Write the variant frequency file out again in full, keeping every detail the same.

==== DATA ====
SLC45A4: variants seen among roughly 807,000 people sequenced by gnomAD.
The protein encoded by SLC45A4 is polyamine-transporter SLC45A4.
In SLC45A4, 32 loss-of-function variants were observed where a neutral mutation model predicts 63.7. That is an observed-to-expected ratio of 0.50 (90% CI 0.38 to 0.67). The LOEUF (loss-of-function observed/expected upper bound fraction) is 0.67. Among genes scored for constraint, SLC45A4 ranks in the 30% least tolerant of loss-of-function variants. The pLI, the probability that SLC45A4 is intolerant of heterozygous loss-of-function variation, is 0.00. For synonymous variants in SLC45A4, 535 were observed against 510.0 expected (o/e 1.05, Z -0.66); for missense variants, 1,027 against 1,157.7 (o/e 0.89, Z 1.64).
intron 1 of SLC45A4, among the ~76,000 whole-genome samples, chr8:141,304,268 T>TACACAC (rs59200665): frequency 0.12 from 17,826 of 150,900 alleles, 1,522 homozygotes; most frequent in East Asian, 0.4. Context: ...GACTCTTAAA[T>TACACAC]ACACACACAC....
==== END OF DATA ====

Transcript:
SLC45A4: variants seen among roughly 807,000 people sequenced by gnomAD.
The protein encoded by SLC45A4 is polyamine-transporter SLC45A4.
In SLC45A4, 32 loss-of-function variants were observed where a neutral mutation model predicts 63.7. That is an observed-to-expected ratio of 0.50 (90% CI 0.38 to 0.67). The LOEUF (loss-of-function observed/expected upper bound fraction) is 0.67. Among genes scored for constraint, SLC45A4 ranks in the 30% least tolerant of loss-of-function variants. The pLI, the probability that SLC45A4 is intolerant of heterozygous loss-of-function variation, is 0.00. For synonymous variants in SLC45A4, 535 were observed against 510.0 expected (o/e 1.05, Z -0.66); for missense variants, 1,027 against 1,157.7 (o/e 0.89, Z 1.64).
intron 1 of SLC45A4, among the ~76,000 whole-genome samples, chr8:141,304,268 T>TACACAC (rs59200665): frequency 0.12 from 17,826 of 150,900 alleles, 1,522 homozygotes; most frequent in East Asian, 0.4. Context: ...GACTCTTAAA[T>TACACAC]ACACACACAC....